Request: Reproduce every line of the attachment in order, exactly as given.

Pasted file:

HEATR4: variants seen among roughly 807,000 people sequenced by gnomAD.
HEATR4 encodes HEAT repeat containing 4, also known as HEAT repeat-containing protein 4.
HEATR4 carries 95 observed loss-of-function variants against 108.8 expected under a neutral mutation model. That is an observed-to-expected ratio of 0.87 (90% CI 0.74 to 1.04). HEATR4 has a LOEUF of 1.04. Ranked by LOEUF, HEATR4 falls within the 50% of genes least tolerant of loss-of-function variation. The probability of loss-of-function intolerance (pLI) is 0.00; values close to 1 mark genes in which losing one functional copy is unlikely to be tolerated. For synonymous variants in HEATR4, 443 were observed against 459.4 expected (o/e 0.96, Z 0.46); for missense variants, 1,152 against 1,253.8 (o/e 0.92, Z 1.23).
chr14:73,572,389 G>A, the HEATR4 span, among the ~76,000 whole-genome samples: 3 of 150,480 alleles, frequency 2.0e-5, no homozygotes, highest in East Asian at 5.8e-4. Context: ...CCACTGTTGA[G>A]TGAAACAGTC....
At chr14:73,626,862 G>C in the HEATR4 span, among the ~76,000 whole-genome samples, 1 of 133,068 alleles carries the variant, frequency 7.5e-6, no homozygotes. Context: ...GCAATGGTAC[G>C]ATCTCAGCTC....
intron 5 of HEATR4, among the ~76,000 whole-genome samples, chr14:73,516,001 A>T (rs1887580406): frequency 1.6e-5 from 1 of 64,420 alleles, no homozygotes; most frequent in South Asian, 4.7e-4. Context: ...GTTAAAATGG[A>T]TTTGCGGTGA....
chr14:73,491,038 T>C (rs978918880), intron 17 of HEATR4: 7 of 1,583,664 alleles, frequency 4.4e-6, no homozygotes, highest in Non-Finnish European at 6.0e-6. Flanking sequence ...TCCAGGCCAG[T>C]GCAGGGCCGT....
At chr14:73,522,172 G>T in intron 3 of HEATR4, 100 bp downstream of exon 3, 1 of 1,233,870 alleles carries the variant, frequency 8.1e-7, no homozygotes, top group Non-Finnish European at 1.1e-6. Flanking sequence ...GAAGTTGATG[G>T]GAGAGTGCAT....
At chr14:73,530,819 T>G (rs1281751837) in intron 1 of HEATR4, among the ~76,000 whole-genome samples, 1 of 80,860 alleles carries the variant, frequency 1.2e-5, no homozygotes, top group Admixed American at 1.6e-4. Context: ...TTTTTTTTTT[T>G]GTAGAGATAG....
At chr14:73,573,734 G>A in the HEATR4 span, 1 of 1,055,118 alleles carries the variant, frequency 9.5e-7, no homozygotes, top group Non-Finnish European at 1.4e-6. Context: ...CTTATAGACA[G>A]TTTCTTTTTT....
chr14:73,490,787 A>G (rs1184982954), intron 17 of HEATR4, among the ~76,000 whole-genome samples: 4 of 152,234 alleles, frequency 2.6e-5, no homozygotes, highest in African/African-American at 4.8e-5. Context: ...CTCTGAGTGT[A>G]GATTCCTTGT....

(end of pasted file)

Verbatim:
HEATR4: variants seen among roughly 807,000 people sequenced by gnomAD.
HEATR4 encodes HEAT repeat containing 4, also known as HEAT repeat-containing protein 4.
HEATR4 carries 95 observed loss-of-function variants against 108.8 expected under a neutral mutation model. That is an observed-to-expected ratio of 0.87 (90% CI 0.74 to 1.04). HEATR4 has a LOEUF of 1.04. Ranked by LOEUF, HEATR4 falls within the 50% of genes least tolerant of loss-of-function variation. The probability of loss-of-function intolerance (pLI) is 0.00; values close to 1 mark genes in which losing one functional copy is unlikely to be tolerated. For synonymous variants in HEATR4, 443 were observed against 459.4 expected (o/e 0.96, Z 0.46); for missense variants, 1,152 against 1,253.8 (o/e 0.92, Z 1.23).
chr14:73,572,389 G>A, the HEATR4 span, among the ~76,000 whole-genome samples: 3 of 150,480 alleles, frequency 2.0e-5, no homozygotes, highest in East Asian at 5.8e-4. Context: ...CCACTGTTGA[G>A]TGAAACAGTC....
At chr14:73,626,862 G>C in the HEATR4 span, among the ~76,000 whole-genome samples, 1 of 133,068 alleles carries the variant, frequency 7.5e-6, no homozygotes. Context: ...GCAATGGTAC[G>C]ATCTCAGCTC....
intron 5 of HEATR4, among the ~76,000 whole-genome samples, chr14:73,516,001 A>T (rs1887580406): frequency 1.6e-5 from 1 of 64,420 alleles, no homozygotes; most frequent in South Asian, 4.7e-4. Context: ...GTTAAAATGG[A>T]TTTGCGGTGA....
chr14:73,491,038 T>C (rs978918880), intron 17 of HEATR4: 7 of 1,583,664 alleles, frequency 4.4e-6, no homozygotes, highest in Non-Finnish European at 6.0e-6. Flanking sequence ...TCCAGGCCAG[T>C]GCAGGGCCGT....
At chr14:73,522,172 G>T in intron 3 of HEATR4, 100 bp downstream of exon 3, 1 of 1,233,870 alleles carries the variant, frequency 8.1e-7, no homozygotes, top group Non-Finnish European at 1.1e-6. Flanking sequence ...GAAGTTGATG[G>T]GAGAGTGCAT....
At chr14:73,530,819 T>G (rs1281751837) in intron 1 of HEATR4, among the ~76,000 whole-genome samples, 1 of 80,860 alleles carries the variant, frequency 1.2e-5, no homozygotes, top group Admixed American at 1.6e-4. Context: ...TTTTTTTTTT[T>G]GTAGAGATAG....
At chr14:73,573,734 G>A in the HEATR4 span, 1 of 1,055,118 alleles carries the variant, frequency 9.5e-7, no homozygotes, top group Non-Finnish European at 1.4e-6. Context: ...CTTATAGACA[G>A]TTTCTTTTTT....
chr14:73,490,787 A>G (rs1184982954), intron 17 of HEATR4, among the ~76,000 whole-genome samples: 4 of 152,234 alleles, frequency 2.6e-5, no homozygotes, highest in African/African-American at 4.8e-5. Context: ...CTCTGAGTGT[A>G]GATTCCTTGT....